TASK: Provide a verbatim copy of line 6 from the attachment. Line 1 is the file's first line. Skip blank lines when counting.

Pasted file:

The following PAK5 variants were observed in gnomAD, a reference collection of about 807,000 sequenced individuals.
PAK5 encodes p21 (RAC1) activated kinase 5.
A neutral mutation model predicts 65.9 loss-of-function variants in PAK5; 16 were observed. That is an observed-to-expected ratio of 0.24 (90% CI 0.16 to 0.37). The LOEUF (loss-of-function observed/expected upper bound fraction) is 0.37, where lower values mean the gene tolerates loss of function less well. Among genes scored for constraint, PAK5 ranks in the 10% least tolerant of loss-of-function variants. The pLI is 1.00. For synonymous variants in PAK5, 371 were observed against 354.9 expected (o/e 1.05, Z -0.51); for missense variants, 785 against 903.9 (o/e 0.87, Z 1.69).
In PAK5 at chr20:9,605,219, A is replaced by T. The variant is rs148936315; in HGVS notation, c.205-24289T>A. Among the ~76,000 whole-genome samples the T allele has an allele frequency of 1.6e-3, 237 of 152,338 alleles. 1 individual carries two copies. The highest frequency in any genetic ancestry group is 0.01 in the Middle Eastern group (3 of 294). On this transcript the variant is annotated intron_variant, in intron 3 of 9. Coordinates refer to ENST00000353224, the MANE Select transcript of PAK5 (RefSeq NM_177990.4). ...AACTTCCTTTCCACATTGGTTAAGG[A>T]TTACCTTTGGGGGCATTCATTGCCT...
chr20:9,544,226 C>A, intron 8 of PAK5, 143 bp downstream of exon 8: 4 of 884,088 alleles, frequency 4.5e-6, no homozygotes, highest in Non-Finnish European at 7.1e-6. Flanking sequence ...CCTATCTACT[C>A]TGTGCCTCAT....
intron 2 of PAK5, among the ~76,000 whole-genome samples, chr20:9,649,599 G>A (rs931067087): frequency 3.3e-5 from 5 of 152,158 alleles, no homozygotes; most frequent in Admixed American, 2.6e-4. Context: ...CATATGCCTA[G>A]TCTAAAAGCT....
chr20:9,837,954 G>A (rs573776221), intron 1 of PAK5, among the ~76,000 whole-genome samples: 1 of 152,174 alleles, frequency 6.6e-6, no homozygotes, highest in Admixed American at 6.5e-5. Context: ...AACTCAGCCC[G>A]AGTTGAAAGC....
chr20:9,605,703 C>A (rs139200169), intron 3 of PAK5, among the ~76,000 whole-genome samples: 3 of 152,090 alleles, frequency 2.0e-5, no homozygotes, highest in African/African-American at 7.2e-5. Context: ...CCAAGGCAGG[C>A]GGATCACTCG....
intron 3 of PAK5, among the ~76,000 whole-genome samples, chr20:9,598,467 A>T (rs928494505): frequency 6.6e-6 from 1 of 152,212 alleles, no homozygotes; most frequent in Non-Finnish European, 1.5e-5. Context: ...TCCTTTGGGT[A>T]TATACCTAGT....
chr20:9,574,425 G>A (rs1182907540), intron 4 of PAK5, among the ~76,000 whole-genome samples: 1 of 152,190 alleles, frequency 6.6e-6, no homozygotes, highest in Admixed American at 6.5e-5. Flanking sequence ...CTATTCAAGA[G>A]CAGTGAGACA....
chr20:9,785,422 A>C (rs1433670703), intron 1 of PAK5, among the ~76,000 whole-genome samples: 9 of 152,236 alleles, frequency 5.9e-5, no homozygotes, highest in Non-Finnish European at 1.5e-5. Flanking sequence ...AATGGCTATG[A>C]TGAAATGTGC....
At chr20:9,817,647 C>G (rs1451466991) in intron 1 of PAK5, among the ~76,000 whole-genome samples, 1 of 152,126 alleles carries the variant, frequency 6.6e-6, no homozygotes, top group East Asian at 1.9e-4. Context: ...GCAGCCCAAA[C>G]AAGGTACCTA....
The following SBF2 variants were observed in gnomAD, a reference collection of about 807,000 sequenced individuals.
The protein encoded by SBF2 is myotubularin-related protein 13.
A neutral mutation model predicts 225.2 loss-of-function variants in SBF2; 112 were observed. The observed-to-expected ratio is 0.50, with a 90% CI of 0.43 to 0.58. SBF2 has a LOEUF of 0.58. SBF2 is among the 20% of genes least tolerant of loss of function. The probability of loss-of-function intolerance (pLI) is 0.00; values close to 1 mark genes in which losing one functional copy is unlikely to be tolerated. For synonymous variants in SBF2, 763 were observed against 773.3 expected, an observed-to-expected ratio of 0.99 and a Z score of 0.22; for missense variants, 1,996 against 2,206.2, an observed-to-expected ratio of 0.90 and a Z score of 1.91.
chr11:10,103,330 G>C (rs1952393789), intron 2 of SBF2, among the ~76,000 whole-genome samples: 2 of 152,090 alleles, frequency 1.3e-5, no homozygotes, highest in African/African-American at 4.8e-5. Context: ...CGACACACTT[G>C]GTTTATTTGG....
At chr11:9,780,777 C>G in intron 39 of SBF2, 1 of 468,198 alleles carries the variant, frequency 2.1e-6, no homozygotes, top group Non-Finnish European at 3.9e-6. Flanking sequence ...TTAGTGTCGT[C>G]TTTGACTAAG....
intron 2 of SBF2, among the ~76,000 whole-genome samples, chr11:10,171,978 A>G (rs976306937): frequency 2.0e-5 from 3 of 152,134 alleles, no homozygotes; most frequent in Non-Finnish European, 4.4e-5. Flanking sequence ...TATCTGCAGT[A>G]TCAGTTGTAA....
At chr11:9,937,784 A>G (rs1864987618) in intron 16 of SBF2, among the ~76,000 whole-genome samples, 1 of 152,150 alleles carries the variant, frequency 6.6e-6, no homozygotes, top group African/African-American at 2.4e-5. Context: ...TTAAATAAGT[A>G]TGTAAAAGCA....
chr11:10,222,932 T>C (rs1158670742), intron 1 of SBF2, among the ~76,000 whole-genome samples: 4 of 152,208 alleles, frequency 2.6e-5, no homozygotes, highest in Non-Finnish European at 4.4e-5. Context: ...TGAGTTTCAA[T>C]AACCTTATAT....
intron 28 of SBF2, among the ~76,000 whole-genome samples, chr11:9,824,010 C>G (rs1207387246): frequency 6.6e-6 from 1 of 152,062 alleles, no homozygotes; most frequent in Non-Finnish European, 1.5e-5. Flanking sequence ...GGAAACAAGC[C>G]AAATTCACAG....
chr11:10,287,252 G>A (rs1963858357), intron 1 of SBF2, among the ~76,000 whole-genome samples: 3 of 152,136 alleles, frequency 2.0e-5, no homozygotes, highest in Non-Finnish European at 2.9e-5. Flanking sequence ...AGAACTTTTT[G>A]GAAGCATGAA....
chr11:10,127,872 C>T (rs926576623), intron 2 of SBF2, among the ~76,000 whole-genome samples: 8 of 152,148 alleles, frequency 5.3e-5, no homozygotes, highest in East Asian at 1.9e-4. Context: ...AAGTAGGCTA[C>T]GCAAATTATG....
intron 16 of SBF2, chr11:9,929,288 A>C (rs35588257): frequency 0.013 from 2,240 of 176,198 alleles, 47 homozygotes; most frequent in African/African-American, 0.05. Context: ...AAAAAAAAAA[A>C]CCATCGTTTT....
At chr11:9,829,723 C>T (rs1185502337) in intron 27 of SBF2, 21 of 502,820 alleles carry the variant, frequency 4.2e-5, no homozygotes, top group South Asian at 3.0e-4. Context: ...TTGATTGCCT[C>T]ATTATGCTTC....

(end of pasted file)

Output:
intron 2 of PAK5, among the ~76,000 whole-genome samples, chr20:9,649,599 G>A (rs931067087): frequency 3.3e-5 from 5 of 152,158 alleles, no homozygotes; most frequent in Admixed American, 2.6e-4. Context: ...CATATGCCTA[G>A]TCTAAAAGCT....